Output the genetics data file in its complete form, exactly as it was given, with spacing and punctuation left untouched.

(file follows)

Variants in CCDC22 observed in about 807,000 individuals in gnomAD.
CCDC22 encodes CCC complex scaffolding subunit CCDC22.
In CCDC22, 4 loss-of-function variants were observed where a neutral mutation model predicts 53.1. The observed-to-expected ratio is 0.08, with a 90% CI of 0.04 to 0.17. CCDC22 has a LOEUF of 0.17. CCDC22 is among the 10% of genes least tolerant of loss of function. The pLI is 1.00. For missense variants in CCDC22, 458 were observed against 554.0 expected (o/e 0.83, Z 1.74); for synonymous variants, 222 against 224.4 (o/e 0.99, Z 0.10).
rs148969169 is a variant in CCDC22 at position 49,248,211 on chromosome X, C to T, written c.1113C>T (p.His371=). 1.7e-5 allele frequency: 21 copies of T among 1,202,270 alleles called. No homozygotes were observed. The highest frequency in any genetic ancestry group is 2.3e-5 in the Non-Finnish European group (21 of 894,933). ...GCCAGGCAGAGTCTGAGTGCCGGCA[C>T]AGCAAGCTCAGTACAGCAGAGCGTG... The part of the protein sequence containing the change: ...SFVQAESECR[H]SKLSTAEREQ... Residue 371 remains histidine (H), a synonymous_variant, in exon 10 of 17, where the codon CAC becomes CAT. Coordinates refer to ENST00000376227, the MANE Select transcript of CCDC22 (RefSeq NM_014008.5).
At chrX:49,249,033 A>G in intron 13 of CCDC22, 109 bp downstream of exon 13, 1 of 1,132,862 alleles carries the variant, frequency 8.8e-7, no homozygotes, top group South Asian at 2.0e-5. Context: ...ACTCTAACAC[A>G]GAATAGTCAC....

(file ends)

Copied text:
Variants in CCDC22 observed in about 807,000 individuals in gnomAD.
CCDC22 encodes CCC complex scaffolding subunit CCDC22.
In CCDC22, 4 loss-of-function variants were observed where a neutral mutation model predicts 53.1. The observed-to-expected ratio is 0.08, with a 90% CI of 0.04 to 0.17. CCDC22 has a LOEUF of 0.17. CCDC22 is among the 10% of genes least tolerant of loss of function. The pLI is 1.00. For missense variants in CCDC22, 458 were observed against 554.0 expected (o/e 0.83, Z 1.74); for synonymous variants, 222 against 224.4 (o/e 0.99, Z 0.10).
rs148969169 is a variant in CCDC22 at position 49,248,211 on chromosome X, C to T, written c.1113C>T (p.His371=). 1.7e-5 allele frequency: 21 copies of T among 1,202,270 alleles called. No homozygotes were observed. The highest frequency in any genetic ancestry group is 2.3e-5 in the Non-Finnish European group (21 of 894,933). ...GCCAGGCAGAGTCTGAGTGCCGGCA[C>T]AGCAAGCTCAGTACAGCAGAGCGTG... The part of the protein sequence containing the change: ...SFVQAESECR[H]SKLSTAEREQ... Residue 371 remains histidine (H), a synonymous_variant, in exon 10 of 17, where the codon CAC becomes CAT. Coordinates refer to ENST00000376227, the MANE Select transcript of CCDC22 (RefSeq NM_014008.5).
At chrX:49,249,033 A>G in intron 13 of CCDC22, 109 bp downstream of exon 13, 1 of 1,132,862 alleles carries the variant, frequency 8.8e-7, no homozygotes, top group South Asian at 2.0e-5. Context: ...ACTCTAACAC[A>G]GAATAGTCAC....